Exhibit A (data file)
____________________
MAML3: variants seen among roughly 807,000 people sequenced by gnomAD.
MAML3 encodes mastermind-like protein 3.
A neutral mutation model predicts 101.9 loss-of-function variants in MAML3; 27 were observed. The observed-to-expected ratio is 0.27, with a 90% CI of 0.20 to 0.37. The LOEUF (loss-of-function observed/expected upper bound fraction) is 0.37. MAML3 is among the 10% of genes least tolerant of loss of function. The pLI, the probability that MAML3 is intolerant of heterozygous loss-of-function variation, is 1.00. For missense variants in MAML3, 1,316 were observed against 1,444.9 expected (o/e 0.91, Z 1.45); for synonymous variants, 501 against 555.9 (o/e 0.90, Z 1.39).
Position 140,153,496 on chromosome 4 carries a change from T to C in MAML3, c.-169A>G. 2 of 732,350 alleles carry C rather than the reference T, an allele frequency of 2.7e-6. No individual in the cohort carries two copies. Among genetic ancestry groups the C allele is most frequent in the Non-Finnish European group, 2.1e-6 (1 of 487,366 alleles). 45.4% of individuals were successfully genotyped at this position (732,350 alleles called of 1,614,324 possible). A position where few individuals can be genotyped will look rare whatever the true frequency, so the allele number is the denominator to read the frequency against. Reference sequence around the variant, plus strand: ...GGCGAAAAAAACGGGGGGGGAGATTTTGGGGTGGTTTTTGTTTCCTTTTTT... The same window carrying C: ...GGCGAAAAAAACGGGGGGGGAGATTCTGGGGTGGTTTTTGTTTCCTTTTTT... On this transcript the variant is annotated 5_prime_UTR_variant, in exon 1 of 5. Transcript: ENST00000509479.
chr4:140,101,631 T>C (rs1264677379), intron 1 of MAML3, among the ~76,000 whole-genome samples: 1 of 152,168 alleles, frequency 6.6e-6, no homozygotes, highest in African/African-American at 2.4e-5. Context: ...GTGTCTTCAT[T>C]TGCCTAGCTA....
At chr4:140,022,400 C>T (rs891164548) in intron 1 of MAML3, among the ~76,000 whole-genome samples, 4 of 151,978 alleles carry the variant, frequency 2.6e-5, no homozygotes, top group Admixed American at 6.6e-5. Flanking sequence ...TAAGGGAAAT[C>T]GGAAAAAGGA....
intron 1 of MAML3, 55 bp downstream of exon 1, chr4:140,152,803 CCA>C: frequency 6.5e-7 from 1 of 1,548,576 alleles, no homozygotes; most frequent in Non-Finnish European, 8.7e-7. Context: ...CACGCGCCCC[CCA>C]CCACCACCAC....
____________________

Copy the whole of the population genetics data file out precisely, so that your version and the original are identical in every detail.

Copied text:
MAML3: variants seen among roughly 807,000 people sequenced by gnomAD.
MAML3 encodes mastermind-like protein 3.
A neutral mutation model predicts 101.9 loss-of-function variants in MAML3; 27 were observed. The observed-to-expected ratio is 0.27, with a 90% CI of 0.20 to 0.37. The LOEUF (loss-of-function observed/expected upper bound fraction) is 0.37. MAML3 is among the 10% of genes least tolerant of loss of function. The pLI, the probability that MAML3 is intolerant of heterozygous loss-of-function variation, is 1.00. For missense variants in MAML3, 1,316 were observed against 1,444.9 expected (o/e 0.91, Z 1.45); for synonymous variants, 501 against 555.9 (o/e 0.90, Z 1.39).
Position 140,153,496 on chromosome 4 carries a change from T to C in MAML3, c.-169A>G. 2 of 732,350 alleles carry C rather than the reference T, an allele frequency of 2.7e-6. No individual in the cohort carries two copies. Among genetic ancestry groups the C allele is most frequent in the Non-Finnish European group, 2.1e-6 (1 of 487,366 alleles). 45.4% of individuals were successfully genotyped at this position (732,350 alleles called of 1,614,324 possible). A position where few individuals can be genotyped will look rare whatever the true frequency, so the allele number is the denominator to read the frequency against. Reference sequence around the variant, plus strand: ...GGCGAAAAAAACGGGGGGGGAGATTTTGGGGTGGTTTTTGTTTCCTTTTTT... The same window carrying C: ...GGCGAAAAAAACGGGGGGGGAGATTCTGGGGTGGTTTTTGTTTCCTTTTTT... On this transcript the variant is annotated 5_prime_UTR_variant, in exon 1 of 5. Transcript: ENST00000509479.
chr4:140,101,631 T>C (rs1264677379), intron 1 of MAML3, among the ~76,000 whole-genome samples: 1 of 152,168 alleles, frequency 6.6e-6, no homozygotes, highest in African/African-American at 2.4e-5. Context: ...GTGTCTTCAT[T>C]TGCCTAGCTA....
At chr4:140,022,400 C>T (rs891164548) in intron 1 of MAML3, among the ~76,000 whole-genome samples, 4 of 151,978 alleles carry the variant, frequency 2.6e-5, no homozygotes, top group Admixed American at 6.6e-5. Flanking sequence ...TAAGGGAAAT[C>T]GGAAAAAGGA....
intron 1 of MAML3, 55 bp downstream of exon 1, chr4:140,152,803 CCA>C: frequency 6.5e-7 from 1 of 1,548,576 alleles, no homozygotes; most frequent in Non-Finnish European, 8.7e-7. Context: ...CACGCGCCCC[CCA>C]CCACCACCAC....